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The electric power grid has changed significantly over the past decade and continues to change as technology evolves. More and more, new-generation substation control systems are based on open ...

The electric power grid has changed significantly over the past decade and continues to change as technology evolves. More and more, new-generation substation control systems are based on open standards and commercial technology, including Ethernet and TCP/IP based communication protocols such as IEC 60870-5-104, DNP 3.0 or IEC 61850. While this change in technology has brought about huge operational benefits, it has introduced cyber security concerns and a potential challenge to network reliability. Electronic intrusion into a substation can misdirect or terminate service, and this intrusion can be from internal individuals or external hackers or organizations.

Many substation control and diagnostic systems in deployment were not designed for real-time security functionality and centralized system administration with robust access control. Utilities must implement policies to protect their substation systems against intrusion from within and from outside the corporate network. Further, they must be able to detect intrusion when it does occur to eliminate future untoward effects. Finally, they need to be prepared with planned response and restoration that not only returns targeted functionality but can improve system security.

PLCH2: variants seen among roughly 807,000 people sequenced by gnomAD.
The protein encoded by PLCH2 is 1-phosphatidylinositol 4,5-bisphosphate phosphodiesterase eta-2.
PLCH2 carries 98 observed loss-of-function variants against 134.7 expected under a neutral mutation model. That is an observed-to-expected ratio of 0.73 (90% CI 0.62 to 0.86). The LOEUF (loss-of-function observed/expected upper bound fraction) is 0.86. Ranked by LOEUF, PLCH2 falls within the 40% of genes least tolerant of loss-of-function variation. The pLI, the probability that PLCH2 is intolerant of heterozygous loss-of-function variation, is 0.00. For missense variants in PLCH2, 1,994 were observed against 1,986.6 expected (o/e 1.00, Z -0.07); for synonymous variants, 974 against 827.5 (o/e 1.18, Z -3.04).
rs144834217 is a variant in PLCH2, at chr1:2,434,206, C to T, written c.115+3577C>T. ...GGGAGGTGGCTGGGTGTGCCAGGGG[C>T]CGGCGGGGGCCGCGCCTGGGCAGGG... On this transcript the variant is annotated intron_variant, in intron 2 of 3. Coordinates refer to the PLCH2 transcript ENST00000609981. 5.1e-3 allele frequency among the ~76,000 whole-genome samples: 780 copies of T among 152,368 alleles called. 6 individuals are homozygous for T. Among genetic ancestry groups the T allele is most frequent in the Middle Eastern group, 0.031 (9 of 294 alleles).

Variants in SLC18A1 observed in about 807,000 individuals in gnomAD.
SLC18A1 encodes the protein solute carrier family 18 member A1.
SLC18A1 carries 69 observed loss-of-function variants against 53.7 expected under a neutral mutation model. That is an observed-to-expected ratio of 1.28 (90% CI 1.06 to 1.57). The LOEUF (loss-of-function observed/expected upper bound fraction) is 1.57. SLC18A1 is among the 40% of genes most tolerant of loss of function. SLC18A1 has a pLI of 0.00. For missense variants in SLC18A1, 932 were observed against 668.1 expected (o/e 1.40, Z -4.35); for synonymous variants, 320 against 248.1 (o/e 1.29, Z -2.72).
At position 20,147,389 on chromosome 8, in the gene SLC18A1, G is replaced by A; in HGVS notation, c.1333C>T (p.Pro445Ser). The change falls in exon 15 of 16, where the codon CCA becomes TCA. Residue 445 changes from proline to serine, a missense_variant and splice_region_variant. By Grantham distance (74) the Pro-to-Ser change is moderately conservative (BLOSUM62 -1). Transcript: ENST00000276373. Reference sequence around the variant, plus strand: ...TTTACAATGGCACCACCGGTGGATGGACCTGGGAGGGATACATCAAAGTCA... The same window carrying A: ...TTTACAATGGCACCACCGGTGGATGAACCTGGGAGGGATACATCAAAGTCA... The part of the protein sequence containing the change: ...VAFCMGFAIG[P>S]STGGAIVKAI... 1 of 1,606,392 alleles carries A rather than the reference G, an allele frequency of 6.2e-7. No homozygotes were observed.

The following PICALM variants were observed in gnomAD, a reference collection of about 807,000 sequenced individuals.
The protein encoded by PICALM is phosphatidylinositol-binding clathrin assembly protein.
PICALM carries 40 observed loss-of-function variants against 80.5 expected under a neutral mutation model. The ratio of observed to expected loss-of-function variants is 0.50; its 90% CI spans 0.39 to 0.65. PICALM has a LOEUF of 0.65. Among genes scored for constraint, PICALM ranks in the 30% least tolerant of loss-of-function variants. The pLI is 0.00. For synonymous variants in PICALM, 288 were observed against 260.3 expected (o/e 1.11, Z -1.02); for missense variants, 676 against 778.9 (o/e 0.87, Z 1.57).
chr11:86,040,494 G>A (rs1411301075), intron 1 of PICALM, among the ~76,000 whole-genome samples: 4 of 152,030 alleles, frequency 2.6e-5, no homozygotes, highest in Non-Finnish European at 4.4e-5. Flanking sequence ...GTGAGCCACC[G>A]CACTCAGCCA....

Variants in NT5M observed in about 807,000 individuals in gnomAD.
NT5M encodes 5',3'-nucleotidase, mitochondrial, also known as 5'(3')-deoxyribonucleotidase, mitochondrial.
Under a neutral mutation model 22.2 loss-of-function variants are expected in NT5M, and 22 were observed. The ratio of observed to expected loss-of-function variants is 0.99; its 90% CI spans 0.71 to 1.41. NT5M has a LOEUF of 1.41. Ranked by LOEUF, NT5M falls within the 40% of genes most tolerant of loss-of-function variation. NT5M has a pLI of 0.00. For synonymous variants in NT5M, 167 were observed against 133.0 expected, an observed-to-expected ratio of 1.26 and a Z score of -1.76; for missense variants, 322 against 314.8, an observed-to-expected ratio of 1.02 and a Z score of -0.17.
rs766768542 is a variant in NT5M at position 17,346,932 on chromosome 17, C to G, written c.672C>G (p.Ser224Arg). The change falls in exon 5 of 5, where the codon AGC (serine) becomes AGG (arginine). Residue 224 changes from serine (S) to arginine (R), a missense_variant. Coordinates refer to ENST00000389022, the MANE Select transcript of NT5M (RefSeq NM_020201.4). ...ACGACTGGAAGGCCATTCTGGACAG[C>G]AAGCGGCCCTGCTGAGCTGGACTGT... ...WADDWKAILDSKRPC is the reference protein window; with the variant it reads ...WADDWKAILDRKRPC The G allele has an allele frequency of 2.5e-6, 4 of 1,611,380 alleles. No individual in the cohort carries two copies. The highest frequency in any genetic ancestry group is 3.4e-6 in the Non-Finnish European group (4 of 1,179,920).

The global power industry has stepped up its focus on cyber security for control and automation systems, and standards are in place identifying the functionalities required for secure substation operation. Utilities looking to protect against cyber attack on their substation automation systems must implement the SCADA, RTU and IED solutions that incorporate proven-technology and the security mechanisms meeting these standards.

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Substation Cyber Security Document Transcript

  • 1. Substation Cyber SecurityProtecting the automated control systemJune 2012Make the most of your energy SM